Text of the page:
If you’re traveling the Alaska Highway from the south (through Northern BC and the Yukon), Delta Junction is the end of the road. What a great place to begin exploring Alaska! Here a few ideas about where to go next.
Stop in Delta Junction, Alaska
Delta Junction greets you with spectacular views of the distant Alaska Range across a largely agricultural expanse.
This is one of the only towns in the world with a bison for every couple of people. The herd lives a comfortable life on a sprawling, 90,000-acre spread outside town, a large herd of their ancestors having been moved here in the 1920s from Montana.
The Visitors Centre, at the junction of the Alaska and Richardson Highways (Milepost 1422), will be waiting for you with coffee and a certificate stating you drove the Alaska Highway from beginning to end. Across from the Visitor Centre is the Highway’s End Farmer’s Market, where you can taste the local produce.
Enjoy a Sunny Stay in Fairbanks
The Richardson Highway connects Delta Junction to bustling Fairbanks, Alaska’s second largest city.
Like many communities in the Yukon and Alaska, Fairbanks got its start as a gold rush destination. Thousands came here quickly in 1902 with news of fortunes to be had. More than 32,000 are still here, and the city has become the thriving centre of trade and transportation in the Interior as well as gateway to the vast and wild Alaskan North.
With a Golden Days festival to celebrate its past and 20 hours a day of summertime sunlight, you’ll be tempted to spend plenty of time in this beautiful place, with its access to some of the wildest adventure on the planet.
Visit the Highest Mountain in North America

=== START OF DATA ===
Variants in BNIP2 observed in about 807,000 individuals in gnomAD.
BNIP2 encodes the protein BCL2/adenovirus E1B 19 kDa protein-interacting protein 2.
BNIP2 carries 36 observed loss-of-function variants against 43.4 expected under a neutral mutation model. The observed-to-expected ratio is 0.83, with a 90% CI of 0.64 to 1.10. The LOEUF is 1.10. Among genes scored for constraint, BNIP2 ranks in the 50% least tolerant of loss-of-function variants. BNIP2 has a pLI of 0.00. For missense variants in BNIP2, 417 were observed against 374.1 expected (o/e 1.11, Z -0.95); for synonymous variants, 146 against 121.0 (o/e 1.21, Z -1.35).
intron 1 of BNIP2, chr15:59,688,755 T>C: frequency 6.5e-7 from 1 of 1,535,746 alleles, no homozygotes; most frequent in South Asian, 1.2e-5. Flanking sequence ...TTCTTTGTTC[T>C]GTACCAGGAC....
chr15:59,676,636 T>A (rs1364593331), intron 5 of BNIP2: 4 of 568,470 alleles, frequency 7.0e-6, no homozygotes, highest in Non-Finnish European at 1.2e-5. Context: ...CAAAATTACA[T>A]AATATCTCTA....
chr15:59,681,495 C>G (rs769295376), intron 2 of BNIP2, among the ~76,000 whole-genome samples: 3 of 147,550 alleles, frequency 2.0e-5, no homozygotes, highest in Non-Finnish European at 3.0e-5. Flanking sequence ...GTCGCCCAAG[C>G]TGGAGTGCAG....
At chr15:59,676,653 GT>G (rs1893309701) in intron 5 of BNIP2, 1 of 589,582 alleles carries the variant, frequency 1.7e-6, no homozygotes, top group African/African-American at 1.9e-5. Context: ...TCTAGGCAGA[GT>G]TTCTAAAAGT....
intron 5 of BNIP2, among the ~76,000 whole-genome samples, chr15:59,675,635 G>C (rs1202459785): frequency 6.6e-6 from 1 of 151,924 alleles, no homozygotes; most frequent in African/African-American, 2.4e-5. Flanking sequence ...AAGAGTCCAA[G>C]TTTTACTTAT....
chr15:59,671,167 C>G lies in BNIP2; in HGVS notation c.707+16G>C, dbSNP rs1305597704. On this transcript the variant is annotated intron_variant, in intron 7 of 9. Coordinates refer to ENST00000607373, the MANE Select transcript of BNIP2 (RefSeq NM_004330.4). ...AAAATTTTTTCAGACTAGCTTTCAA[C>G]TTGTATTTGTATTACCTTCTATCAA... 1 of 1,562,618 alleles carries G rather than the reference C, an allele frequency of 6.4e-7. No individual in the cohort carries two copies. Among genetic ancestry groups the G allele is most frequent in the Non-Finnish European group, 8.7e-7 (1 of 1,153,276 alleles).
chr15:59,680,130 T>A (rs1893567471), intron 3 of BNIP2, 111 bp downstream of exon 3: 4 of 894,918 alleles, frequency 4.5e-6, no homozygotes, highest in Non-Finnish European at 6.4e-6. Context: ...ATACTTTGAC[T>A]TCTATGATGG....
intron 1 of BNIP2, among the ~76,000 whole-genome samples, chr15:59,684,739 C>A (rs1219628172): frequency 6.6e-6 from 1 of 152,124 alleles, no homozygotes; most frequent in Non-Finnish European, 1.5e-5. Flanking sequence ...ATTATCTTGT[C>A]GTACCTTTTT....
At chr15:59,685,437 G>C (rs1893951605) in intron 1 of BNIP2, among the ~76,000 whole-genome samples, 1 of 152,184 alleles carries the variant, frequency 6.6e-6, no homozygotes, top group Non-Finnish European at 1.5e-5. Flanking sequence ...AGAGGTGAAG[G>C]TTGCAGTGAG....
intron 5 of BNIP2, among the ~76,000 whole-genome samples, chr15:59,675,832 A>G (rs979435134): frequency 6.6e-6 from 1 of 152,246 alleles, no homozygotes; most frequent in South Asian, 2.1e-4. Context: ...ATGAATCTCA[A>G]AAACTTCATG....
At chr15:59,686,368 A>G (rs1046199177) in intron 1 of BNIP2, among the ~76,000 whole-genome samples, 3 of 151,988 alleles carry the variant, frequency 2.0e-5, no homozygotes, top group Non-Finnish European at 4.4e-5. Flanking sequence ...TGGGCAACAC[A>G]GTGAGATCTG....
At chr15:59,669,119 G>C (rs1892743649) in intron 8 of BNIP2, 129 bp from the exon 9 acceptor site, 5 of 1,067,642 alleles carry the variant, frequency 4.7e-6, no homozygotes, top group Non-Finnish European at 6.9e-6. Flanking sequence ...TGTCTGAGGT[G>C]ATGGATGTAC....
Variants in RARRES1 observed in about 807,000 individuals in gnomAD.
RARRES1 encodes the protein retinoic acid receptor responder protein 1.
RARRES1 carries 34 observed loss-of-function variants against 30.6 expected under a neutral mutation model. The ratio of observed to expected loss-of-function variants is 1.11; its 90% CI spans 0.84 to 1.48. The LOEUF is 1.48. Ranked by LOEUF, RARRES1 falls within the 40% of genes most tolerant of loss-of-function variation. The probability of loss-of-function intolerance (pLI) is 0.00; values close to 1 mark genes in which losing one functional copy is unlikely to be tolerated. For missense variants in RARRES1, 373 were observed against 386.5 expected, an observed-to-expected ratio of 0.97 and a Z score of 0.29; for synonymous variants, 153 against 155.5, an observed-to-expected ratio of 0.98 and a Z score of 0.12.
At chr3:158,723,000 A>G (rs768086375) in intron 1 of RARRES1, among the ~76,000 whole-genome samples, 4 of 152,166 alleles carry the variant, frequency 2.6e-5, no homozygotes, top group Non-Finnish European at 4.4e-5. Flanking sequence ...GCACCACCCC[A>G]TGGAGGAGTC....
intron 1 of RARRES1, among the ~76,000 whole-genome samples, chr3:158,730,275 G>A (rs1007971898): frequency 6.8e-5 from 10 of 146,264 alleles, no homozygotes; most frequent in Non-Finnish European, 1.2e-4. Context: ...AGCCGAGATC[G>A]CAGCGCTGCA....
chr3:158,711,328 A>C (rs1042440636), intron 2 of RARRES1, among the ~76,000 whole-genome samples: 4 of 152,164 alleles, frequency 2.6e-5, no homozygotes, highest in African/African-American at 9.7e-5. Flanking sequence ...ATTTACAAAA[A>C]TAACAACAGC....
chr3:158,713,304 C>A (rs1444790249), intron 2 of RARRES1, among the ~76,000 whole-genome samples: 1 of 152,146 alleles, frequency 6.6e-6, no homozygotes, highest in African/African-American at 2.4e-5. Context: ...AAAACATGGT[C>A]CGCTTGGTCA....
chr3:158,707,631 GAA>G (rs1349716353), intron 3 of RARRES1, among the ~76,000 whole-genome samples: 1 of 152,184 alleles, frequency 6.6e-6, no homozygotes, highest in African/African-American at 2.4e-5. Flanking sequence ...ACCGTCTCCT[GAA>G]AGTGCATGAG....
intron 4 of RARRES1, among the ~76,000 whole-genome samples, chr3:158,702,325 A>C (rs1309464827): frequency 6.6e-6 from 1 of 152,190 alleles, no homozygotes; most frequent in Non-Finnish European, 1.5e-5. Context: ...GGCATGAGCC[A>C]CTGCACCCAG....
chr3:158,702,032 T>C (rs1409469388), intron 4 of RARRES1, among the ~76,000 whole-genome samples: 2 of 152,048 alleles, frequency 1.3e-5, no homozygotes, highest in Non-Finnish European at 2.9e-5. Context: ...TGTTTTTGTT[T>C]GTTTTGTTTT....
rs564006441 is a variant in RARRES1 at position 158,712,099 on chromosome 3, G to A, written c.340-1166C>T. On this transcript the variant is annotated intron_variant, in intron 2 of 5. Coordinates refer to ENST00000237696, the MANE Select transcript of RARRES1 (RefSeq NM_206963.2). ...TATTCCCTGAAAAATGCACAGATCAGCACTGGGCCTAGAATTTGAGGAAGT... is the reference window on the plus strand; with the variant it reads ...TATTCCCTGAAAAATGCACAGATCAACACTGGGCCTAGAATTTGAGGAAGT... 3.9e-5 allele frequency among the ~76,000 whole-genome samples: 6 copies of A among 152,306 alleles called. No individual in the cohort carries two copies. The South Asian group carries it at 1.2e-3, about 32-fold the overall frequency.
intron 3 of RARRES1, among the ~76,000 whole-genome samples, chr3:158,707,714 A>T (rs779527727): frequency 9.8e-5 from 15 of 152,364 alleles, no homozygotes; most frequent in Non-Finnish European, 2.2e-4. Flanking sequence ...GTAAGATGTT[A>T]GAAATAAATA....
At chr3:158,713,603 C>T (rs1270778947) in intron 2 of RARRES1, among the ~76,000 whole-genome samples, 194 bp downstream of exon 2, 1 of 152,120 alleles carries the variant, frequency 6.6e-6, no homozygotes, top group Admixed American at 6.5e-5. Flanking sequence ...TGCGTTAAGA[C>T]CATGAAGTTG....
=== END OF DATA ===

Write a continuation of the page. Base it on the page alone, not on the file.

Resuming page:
One of the most popular places in the Alaskan Interior is also the highest on the continent, Denali. Its a killer mountain that reaches more than 20,300 feet into the sky, dominating its environment with its brilliant, white upper reaches, blanketed in snow. Denali National Park and Preserve does not allow private vehicles into the area. The public transportation is first class, as are the adventure opportunities here.
A highway runs from Fairbanks almost straight north to Prudhoe Bay, but most of the northern access is via jet or small aircraft. This is one of the most diverse regions in Alaska, with coasts, tundra, mountain ranges, small communities and abundant wildlife. It is pristine.
See the Alaskan Metropolis
More than 300,000 people live in Anchorage, making it one of the largest, most cosmopolitan cities at these latitudes. There are also 1,000 moose living in Anchorage.
Anchorage is the largest city in Alaska. As such, it is epi-centre of several industries here, including oil, natural gas, fishing, transportation, tourism and military.
From Anchorage, you can book adventure travel to anywhere in Alaska (as well as to just about anywhere in the world).
The Chugach Mountains (with more snowfall than anywhere in the world) provide a striking backdrop that can be seen from anywhere in the city and along 400 kilometres of trails for fitness lovers.
The Anchorage Museum showcases 10,000 years of history, taking visitors back to Beringia and sabre-tooth tigers. The Alaska Native Heritage Center for Native Culture, meanwhile, celebrates the history, traditions, arts and crafts of generations of First Nations people.
Exit with an Inside Passage Cruise
From Whittier, accessible by road from Anchorage, you can sail south from pristine Prince William Sound, and see why Alaska cruise vacations are world-renowned.
Enjoy glacier-viewing experiences in Glacier Bay National Park and then head down the Inside Passage en route to welcoming frontier ports, before sailing through the northern British Columbia portion of the Inside Passage, a beautiful experience, too.
The journey takes you along protected waterways, islands, fjords and more glaciers than you likely ever see again.
Watch for whales, porpoises, sea otters, sea lions and seals on the water. Close to shore, you should be able to spot bears, deer, mountain goats and sheep.